Sever's disease is an injury to a child's still developing foot structure, specifically an inflammation in the heel's growth plate due to muscle strain and repetitive stress. It is common in young
athletes and children who have problems with pronation. Sever's Disease usually occurs in children age 8, 14 years of age when the child's bones are still in the growth stage and the growth plates
have not become ossified.
Predisposing Hereditary Factors: These are a biomechanical defect that one may be born with, which increases the chances of developing Sever's Disease. Short Achilles Tendon, When the Achilles Tendon
is short from birth, it will exaggerate the tightness of this tendon that occurs during a child's growing years. This makes the pull of the Achilles Tendon on the heel's growth plate more forceful
than normal, causing inflammation and pain, and eventually Sever's Disease. Short Leg Syndrome, When one leg is shorter than the other, the foot on the short leg must plantar flex (the foot and toes
bend down) in order to reach the ground. In this way, the body tries to equalize the length of the legs. In order for the foot to plantar flex, the Achilles Tendon must pull on the heel with greater
force than if the leg was a normal length. Thus the heel on the short leg will be more susceptible to Sever's Disease during the foot's growing years. Pronation. Is a biomechanical defect of the foot
that involves a rolling outward of the foot at the ankle, so that when walking, the inner side of the heel and foot bears more of the body's weight than is normal (click here for more information
about pronation). Pronation thus causes the heel to be tilted or twisted. In order for the Achilles Tendon to attach to the heel, it must twist to reach its normal attachment site. This will shorten
or tighten the Achilles Tendon and increase the force of its pull on the heel's growth plate. This will increase the tightness of the Achilles Tendon during the foot's growing years, and may help to
initiate bouts of Sever's Disease. Flat Arches and High Arches. Both of these biomechanical foot defects effect the pitch, or angle of the heel within the foot. When the heel is not positioned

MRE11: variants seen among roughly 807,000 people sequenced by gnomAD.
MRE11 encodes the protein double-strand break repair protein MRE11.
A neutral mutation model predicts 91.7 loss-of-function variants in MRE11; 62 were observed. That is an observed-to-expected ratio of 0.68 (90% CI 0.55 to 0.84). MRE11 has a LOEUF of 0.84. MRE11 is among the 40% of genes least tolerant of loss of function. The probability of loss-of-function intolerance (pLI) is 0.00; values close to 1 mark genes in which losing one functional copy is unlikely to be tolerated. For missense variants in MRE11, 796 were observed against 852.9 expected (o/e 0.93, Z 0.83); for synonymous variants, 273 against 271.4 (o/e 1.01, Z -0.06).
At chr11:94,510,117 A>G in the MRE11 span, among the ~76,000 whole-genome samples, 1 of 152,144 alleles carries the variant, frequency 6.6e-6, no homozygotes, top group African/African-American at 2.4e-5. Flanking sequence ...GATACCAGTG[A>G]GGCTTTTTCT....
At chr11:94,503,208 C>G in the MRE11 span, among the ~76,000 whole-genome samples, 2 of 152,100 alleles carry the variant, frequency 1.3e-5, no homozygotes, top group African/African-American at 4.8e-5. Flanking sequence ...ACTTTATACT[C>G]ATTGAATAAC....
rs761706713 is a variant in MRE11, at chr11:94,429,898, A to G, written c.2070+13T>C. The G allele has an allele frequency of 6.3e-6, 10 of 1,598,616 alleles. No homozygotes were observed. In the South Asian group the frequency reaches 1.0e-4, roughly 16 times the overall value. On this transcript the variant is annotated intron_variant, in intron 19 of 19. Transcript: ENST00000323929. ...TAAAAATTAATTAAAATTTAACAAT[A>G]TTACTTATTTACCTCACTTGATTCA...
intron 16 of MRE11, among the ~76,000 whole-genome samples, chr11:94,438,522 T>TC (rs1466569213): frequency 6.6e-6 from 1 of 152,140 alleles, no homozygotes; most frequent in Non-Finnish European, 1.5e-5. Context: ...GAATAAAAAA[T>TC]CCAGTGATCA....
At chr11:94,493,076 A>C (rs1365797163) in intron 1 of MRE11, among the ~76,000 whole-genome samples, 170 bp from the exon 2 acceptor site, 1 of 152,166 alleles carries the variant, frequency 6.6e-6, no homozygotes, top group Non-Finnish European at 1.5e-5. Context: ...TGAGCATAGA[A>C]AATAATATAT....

normally within the foot due to the height of the arch, the Achilles Tendon's attachment to the heel is affected. This may produce a shortening or tightening of the Achilles Tendon, which increases
the force of its pull on the heel's growth plate. During the foot's growing years, abnormal arch height may contribute to the onset of Sever's Disease.
Sever?s disease is a clinical diagnosis based on the youth?s presenting symptoms, rather than on diagnostic tests. While x-rays may be ordered in the process of diagnosing the disease, they are used
primarily to rule out bone fractures or other bone abnormalities, rather than to confirm the disease. Common Characteristics of Sever?s Disease include Posterior inferior heel pain. Pain is usually
absent when waking in the morning. Increased pain with weight bearing, running, or jumping (or activity-related pain). Area often feels stiff or inflexible. Youth may limp at the end of physical
activity. Tenderness at the insertion of the tendons. Limited ankle dorsiflexion range that is secondary to tightness of the Achilles tendon. Activity or sport practices on hard surfaces can also
contribute to pain, as well as poor quality shoes, worn out shoes, or the wrong shoes for the sport. Typically, the pain from this disease gradually resolves with rest.
Sever?s disease can be diagnosed based on the symptoms your child has. Your child?s doctor will conduct a physical examination by squeezing different parts of your child?s foot to see if they cause
any pain. An X-ray may be used to rule out other problems, such as a broken bone or fracture.
Non Surgical Treatment
Orthotic insoles are a common form of treatment for Sever?s disease as they provide support and cushioning to the area which reduces the pressure and stress to the area. Our podiatrist can also show
your child stretches and exercises to help them manage their pain as well offering them advice on their exercise and activity.
After the painful symptoms of Sever's disease have gone away, it is important to continue stretching the heel, particularly before a vigorous exercise, and wearing good supportive shoes fitted with
children's arch supports. This will prevent heel pain recurrence until the child's heel is fully developed and less prone to injury.